Can we religiously suppose that the blood of our martyrs, three centuries ago and since, shall never receive its recompense? Those priests, secular and regular, did they suffer for no end? or rather, for an end which is not yet accomplished? The long imprisonment, the fetid dungeon, the weary suspense, the tyrannous trial, the barbarous sentence, the savage execution, the rack, the gibbet, the knife, the cauldron, the numberless tortures of those holy victims, O my God, are they to have no reward? Are Thy martyrs to cry from under Thine altar for their loving vengeance on this guilty people, and to cry in vain? Shall they lose life, and not gain a better life for the children of those who persecuted them? Is this Thy way, O my God, righteous and true? Is it according to Thy promise, O King of saints, if I may dare talk to Thee of justice? Did not Thou Thyself pray for Thine enemies upon the cross, and convert them? Did not Thy first Martyr win Thy great Apostle, then a persecutor, by his loving prayer? And in that day of trial and desolation for England, when hearts were pierced through and through with Mary's woe, at the crucifixion of Thy body mystical, was not every tear that flowed, and every drop of blood that was shed, the seeds of a future harvest, when they who sowed in sorrow were to reap in joy? " - "The Second Spring", 1852
" I rejoice to say, to one great mischief I have from the first opposed myself. For thirty, forty, fifty years I have resisted to the best of my powers the spirit of liberalism in religion. Never did Holy Church need champions against it more sorely than now, when, alas! it is an error overspreading, as a snare, the whole earth; and on this great occasion, when it is natural for one who is in my place to look out upon the world, and upon Holy Church as in it, and upon her future, it will not, I hope, be considered out of place, if I renew the protest against it which I have made so often." - Biglietto Speech, 1879

Monday, November 04, 2002

From Meditations and Devotions
I think this is appropriate for a day when the Gospel was about Christ as the Good Shepherd.

Jesus our Guide and Guardian by Venerable John Henry Newman, C.O.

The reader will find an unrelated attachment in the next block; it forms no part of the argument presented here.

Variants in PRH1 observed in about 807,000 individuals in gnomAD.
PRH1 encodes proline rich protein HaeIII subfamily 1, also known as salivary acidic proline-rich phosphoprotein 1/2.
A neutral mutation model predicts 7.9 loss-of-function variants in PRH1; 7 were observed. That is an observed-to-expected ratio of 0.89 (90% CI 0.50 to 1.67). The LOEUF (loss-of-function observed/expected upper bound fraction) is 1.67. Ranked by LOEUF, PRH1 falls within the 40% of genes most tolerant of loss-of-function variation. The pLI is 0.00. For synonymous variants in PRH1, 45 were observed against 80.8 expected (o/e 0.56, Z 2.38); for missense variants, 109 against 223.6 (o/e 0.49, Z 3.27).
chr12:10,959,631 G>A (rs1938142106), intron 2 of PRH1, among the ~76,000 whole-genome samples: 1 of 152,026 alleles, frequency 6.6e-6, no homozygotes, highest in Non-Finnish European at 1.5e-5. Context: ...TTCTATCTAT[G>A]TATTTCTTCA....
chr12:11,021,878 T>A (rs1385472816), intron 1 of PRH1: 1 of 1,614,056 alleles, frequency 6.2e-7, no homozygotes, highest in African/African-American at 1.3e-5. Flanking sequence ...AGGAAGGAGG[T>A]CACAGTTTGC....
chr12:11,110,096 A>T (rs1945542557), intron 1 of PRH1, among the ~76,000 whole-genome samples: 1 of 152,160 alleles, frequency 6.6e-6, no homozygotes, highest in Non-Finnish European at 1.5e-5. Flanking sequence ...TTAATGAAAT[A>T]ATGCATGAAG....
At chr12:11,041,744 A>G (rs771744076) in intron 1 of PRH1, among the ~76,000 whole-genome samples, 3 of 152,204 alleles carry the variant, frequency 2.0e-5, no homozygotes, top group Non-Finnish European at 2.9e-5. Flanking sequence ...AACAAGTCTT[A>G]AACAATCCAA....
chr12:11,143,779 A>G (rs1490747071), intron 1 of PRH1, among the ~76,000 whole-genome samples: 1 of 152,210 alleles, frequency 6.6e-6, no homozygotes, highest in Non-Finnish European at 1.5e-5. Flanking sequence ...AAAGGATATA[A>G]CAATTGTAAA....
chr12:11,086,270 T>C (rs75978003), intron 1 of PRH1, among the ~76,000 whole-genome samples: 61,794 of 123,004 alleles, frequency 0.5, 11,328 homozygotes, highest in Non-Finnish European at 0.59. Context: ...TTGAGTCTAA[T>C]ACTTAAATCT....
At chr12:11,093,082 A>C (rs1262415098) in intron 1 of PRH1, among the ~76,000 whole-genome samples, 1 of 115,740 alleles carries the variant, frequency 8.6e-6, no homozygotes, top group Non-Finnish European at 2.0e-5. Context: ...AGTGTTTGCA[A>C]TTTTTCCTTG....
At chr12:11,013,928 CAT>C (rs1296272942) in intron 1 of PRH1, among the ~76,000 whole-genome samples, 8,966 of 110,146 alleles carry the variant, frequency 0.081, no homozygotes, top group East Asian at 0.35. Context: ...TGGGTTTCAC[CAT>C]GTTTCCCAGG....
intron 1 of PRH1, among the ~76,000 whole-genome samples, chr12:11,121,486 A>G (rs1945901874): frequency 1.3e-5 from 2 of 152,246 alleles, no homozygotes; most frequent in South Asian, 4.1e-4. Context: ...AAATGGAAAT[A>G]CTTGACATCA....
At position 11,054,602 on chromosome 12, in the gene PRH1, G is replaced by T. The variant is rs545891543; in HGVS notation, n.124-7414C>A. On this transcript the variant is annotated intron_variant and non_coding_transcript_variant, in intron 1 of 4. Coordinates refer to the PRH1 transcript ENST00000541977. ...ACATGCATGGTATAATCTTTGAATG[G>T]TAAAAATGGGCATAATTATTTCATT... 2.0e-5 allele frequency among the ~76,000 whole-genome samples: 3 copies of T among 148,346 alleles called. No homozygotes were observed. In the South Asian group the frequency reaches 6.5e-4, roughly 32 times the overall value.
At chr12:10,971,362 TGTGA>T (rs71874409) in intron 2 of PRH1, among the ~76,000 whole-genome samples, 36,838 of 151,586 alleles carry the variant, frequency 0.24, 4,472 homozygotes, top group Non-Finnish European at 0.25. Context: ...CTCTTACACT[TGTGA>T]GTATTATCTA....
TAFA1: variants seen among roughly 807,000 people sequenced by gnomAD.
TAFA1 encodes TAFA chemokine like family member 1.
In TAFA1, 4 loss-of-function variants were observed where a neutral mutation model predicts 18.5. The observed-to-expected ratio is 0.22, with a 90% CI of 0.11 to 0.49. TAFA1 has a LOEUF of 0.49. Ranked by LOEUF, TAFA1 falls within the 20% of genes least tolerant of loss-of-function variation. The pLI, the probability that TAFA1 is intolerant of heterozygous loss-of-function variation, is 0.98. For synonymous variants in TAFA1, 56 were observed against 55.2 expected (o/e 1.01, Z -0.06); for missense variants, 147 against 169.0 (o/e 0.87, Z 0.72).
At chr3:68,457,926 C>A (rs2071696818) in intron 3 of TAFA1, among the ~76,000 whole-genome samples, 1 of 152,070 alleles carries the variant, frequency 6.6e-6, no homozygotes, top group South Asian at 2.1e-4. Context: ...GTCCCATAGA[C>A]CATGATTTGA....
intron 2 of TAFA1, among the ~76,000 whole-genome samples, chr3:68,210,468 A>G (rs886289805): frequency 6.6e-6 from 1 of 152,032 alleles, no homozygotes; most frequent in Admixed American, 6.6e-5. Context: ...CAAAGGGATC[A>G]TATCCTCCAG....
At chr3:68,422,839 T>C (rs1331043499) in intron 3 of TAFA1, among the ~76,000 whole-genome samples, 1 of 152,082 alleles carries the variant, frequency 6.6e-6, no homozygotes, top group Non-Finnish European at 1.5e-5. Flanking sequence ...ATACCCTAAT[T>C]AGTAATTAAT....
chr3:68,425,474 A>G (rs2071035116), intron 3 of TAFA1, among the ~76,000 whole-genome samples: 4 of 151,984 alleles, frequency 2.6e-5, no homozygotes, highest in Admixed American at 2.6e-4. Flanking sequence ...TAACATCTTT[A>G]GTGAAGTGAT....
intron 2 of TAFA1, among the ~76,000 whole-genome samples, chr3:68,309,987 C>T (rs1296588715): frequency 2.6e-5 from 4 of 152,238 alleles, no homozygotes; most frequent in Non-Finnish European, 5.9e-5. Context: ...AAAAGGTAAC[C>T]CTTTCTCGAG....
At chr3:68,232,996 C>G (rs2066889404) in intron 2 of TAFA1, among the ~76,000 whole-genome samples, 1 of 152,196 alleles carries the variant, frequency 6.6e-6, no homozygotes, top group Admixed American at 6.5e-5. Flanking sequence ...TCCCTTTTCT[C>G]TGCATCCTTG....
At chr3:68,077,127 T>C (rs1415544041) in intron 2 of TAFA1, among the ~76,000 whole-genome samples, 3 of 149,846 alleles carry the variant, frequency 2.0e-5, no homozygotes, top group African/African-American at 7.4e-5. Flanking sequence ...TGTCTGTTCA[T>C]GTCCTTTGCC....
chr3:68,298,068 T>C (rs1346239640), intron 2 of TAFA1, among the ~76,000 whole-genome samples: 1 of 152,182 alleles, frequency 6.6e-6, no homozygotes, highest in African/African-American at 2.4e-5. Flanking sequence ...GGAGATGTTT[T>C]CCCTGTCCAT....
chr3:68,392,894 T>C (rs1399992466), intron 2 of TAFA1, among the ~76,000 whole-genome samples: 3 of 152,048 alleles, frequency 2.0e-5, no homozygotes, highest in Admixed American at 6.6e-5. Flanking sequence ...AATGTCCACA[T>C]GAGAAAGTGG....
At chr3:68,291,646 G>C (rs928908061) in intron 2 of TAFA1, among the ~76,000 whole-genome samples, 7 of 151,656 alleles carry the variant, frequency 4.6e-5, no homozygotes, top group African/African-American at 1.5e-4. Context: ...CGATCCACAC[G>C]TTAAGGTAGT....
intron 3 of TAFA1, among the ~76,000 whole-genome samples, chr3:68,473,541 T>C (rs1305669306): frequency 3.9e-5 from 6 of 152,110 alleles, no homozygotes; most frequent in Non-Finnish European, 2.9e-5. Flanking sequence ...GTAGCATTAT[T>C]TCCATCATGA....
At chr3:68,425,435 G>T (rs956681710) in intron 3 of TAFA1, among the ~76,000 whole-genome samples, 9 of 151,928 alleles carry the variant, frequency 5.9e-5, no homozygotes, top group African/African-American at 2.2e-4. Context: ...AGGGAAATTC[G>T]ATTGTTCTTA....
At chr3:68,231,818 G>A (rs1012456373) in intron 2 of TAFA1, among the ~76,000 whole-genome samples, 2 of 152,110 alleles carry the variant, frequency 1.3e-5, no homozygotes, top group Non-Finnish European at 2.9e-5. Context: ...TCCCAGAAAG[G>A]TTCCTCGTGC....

There are men who think that God is so great that He disdains to look down upon us, our doings and our fortunes. But He who did not find it beneath His Majesty to make us, does not think it beneath Him to observe and to visit us. He says Himself in the Gospel: "Are not five sparrows sold for two farthings? and not one of them is forgotten before God. Yea, the very hairs of your head are all numbered. Fear not, therefore: you are of more value than many sparrows." He determined from all eternity that He would create us. He settled our whole fortune—and, if He did not absolutely decree to bring us to heaven, it is because we have free will, and by the very constitution of our nature He has put it in part out of His own power, for we must do our part, if to heaven we attain. But He has done every thing short of this. He died for us all upon the Cross, that, if it were possible to save us, we might be saved. And He calls upon us lovingly, begging us to accept the benefit of His meritorious and most Precious Blood. And those who trust Him He takes under His special protection. He marks out their whole life for them; He appoints all that happens to them; He guides them in such way as to secure their salvation; He gives them just so much of health, of wealth, of friends, as is best for them; He afflicts them only when it is for their good; He is never angry with them. He measures out just that number of years which is good for them; and He appoints the hour of their death in such a way as to secure their perseverance up to it.

Let us pray for ourselves and for all our needs.